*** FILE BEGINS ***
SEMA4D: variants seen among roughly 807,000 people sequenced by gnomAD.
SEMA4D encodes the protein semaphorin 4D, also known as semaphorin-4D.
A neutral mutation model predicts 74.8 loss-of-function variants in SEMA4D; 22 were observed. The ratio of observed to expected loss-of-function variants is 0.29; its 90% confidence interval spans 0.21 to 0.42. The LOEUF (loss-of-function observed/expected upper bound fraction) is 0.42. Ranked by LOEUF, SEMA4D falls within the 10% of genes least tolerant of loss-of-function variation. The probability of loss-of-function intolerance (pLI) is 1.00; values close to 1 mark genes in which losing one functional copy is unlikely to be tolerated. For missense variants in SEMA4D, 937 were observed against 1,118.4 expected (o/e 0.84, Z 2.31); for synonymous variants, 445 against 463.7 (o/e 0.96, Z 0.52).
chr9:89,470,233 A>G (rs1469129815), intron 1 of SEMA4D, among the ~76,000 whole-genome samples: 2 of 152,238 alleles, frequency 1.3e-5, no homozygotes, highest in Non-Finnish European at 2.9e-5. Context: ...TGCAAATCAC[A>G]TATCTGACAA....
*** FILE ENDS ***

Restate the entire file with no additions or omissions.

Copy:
SEMA4D: variants seen among roughly 807,000 people sequenced by gnomAD.
SEMA4D encodes the protein semaphorin 4D, also known as semaphorin-4D.
A neutral mutation model predicts 74.8 loss-of-function variants in SEMA4D; 22 were observed. The ratio of observed to expected loss-of-function variants is 0.29; its 90% confidence interval spans 0.21 to 0.42. The LOEUF (loss-of-function observed/expected upper bound fraction) is 0.42. Ranked by LOEUF, SEMA4D falls within the 10% of genes least tolerant of loss-of-function variation. The probability of loss-of-function intolerance (pLI) is 1.00; values close to 1 mark genes in which losing one functional copy is unlikely to be tolerated. For missense variants in SEMA4D, 937 were observed against 1,118.4 expected (o/e 0.84, Z 2.31); for synonymous variants, 445 against 463.7 (o/e 0.96, Z 0.52).
chr9:89,470,233 A>G (rs1469129815), intron 1 of SEMA4D, among the ~76,000 whole-genome samples: 2 of 152,238 alleles, frequency 1.3e-5, no homozygotes, highest in Non-Finnish European at 2.9e-5. Context: ...TGCAAATCAC[A>G]TATCTGACAA....